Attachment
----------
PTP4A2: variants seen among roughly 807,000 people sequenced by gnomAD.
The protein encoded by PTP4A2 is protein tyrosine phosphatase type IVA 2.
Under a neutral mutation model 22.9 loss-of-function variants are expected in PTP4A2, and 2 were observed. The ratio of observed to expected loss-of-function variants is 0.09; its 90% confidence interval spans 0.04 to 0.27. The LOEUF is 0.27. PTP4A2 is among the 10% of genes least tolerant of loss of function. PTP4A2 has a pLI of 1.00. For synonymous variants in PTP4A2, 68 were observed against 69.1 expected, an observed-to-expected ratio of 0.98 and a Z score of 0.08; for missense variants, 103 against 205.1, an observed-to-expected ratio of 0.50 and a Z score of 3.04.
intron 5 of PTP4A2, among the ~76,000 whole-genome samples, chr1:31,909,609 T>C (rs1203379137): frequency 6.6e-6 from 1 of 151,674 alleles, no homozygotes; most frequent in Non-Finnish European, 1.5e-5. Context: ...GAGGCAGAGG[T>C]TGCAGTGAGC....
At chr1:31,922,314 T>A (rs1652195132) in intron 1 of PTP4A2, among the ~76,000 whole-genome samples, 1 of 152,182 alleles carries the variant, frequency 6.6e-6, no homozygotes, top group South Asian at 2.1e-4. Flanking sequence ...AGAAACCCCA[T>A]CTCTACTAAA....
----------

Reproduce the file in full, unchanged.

PTP4A2: variants seen among roughly 807,000 people sequenced by gnomAD.
The protein encoded by PTP4A2 is protein tyrosine phosphatase type IVA 2.
Under a neutral mutation model 22.9 loss-of-function variants are expected in PTP4A2, and 2 were observed. The ratio of observed to expected loss-of-function variants is 0.09; its 90% confidence interval spans 0.04 to 0.27. The LOEUF is 0.27. PTP4A2 is among the 10% of genes least tolerant of loss of function. PTP4A2 has a pLI of 1.00. For synonymous variants in PTP4A2, 68 were observed against 69.1 expected, an observed-to-expected ratio of 0.98 and a Z score of 0.08; for missense variants, 103 against 205.1, an observed-to-expected ratio of 0.50 and a Z score of 3.04.
intron 5 of PTP4A2, among the ~76,000 whole-genome samples, chr1:31,909,609 T>C (rs1203379137): frequency 6.6e-6 from 1 of 151,674 alleles, no homozygotes; most frequent in Non-Finnish European, 1.5e-5. Context: ...GAGGCAGAGG[T>C]TGCAGTGAGC....
At chr1:31,922,314 T>A (rs1652195132) in intron 1 of PTP4A2, among the ~76,000 whole-genome samples, 1 of 152,182 alleles carries the variant, frequency 6.6e-6, no homozygotes, top group South Asian at 2.1e-4. Flanking sequence ...AGAAACCCCA[T>A]CTCTACTAAA....